More than most print exhibits, this show is also a celebration of paper.  Several of the works are made of handmade pressed paper pulp, out of which the image seems both to dissolve and come into focus.  “People are clouds,” Proust once observed, suggesting the way that identity is always in motion, no matter how fixed or permanent we may think we are.  Close’s genius is to apply that idea in his art at the very basic level of material and technique.

Some of his works, like his photogravures, appear “photographic.”  Yet a photograph usually consists of an image that occupies a printed space but is not changed by it, similar to a movie being projected on a screen.  In most instances, the power of a photograph lies wholly in its image.  In Close’s “Self-Portrait/Photogravure” (2005), the subtle textural qualities of paper enable a play of softness and clarity—an ear receding into darkness, the tangle of his beard pressing forward sharply—placing the image in a dimensional field of uncertain proportions.  It is as if we are constantly being remade, in a constant state of becoming, of recognizing ourselves, now pulling away, now moving forward, but always moving, always reaching toward a better self-understanding.

“Chuck Close—Works on Paper, 1975-2012, from the Collections of Jordan D. Schnitzer and his Family Foundation,” at the Monterey Museum of Art/La Mirada.  This exhibit has been extended through Sunday, March 31.  On Saturday, March 9, at 2 pm, the Museum will screen a documentary about Close by Marion Cajori.  (The film is also on continuous loop in one of the galleries.)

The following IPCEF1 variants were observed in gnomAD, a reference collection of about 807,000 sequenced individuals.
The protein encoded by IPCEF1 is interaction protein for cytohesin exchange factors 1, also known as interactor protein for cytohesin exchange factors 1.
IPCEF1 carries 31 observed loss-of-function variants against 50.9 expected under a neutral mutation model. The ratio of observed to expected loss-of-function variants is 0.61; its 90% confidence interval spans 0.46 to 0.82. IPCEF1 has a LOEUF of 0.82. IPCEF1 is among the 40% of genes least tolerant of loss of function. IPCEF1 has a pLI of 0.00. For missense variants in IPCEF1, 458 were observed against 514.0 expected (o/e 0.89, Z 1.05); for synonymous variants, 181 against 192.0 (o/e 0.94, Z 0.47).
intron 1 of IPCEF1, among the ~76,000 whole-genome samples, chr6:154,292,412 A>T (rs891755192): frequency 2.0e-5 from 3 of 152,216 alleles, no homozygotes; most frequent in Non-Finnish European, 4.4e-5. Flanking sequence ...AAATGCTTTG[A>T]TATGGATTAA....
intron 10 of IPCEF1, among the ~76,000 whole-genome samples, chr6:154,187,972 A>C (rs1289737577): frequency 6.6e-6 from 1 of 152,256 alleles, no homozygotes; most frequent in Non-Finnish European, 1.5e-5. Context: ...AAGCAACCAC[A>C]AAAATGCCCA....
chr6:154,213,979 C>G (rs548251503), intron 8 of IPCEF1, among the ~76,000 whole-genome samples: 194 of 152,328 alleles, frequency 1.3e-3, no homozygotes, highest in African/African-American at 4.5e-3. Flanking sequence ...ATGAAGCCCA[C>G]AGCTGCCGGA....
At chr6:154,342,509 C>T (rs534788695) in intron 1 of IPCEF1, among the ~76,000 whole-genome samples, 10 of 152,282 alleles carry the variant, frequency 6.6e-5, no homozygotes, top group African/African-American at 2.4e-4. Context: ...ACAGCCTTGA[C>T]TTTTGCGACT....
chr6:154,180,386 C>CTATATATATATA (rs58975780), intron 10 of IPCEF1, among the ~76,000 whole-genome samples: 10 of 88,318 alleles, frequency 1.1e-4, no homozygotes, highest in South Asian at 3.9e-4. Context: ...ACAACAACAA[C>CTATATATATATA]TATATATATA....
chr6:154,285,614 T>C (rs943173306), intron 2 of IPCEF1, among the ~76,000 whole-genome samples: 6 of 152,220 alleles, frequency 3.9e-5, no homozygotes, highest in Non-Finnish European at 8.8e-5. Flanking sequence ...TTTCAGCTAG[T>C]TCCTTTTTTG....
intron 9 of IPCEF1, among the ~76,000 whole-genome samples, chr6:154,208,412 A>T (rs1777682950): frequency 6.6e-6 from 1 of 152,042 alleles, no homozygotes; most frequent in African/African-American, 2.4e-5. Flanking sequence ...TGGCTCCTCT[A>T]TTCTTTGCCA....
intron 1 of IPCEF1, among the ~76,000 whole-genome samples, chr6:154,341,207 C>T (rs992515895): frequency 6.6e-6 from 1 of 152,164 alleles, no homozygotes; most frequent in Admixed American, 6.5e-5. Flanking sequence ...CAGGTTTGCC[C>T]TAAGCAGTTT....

Vaudeville at the Golden State Theatre

The word “vaudeville” evokes a type of popular entertainment long ago replaced by various and sundry electronic media, but like canning, backyard chickens, and other once-quaint old-fashioned pursuits finding fresh hipness today, vaudeville is back.  On Thursday, February 28, a lively troupe of local performers will present Vaudeville at the Golden State Theatre—a fitting historic venue for launching vaudeville’s next chapter.

According to Scott Grover, the show’s producer, Vaudeville at the Golden State will be a fast-paced musical revue that harkens back to the traditional historic style of vaudeville. 

“There will be dance numbers and comedy bits, there will be a magician, and a ton of actors doing myriad skits” he says.  “Most of the material is written by the troupe, with a few other bits and pieces and gags incorporated.”

Grover, who has brought vaudeville to the Golden State from the Alternative Cafe, in Seaside, is excited about the wealth of local talent involved, from set designer Carey Crockett and Emmy-winning director Jim Dultz, to actors such as Michael Lojkovic and Michelle Vallentyne.  The show will be hosted by Brandon Blomquist and Tiffany Decker, and Juan Sanchez will provide musical direction.

After its most recent incarnation as a church, it is good to see the Golden State Theatre serving the public as a venue for live entertainment and a forum for the flourishing of local creativity.  But can this incredible building, built in 1926 and gorgeously restored in 2005, play a role in the renewal of downtown Monterey, a subject of seemingly perpetual discussion and debate?

“Absolutely,” Grover says.  “The Golden State is not just downtown, it is a part of downtown.”  As founder and president of the new Golden State Theatre Partners, Grover has been involved in meetings about Monterey’s future, bringing to the table his passion for the arts, and his belief in the value of live performance.

“Live entertainment is vital to a community and to the health and well-being of its citizens,” he says.

Vaudeville at the Golden State, Thursday, February 28, 8:00 p.m.  Golden State Theatre, 417 Alvarado Street, Monterey, (831) 324-4571.  Tickets are $12 and can be purchased at the door.  Beer, wine, and freshly popped corn will be available.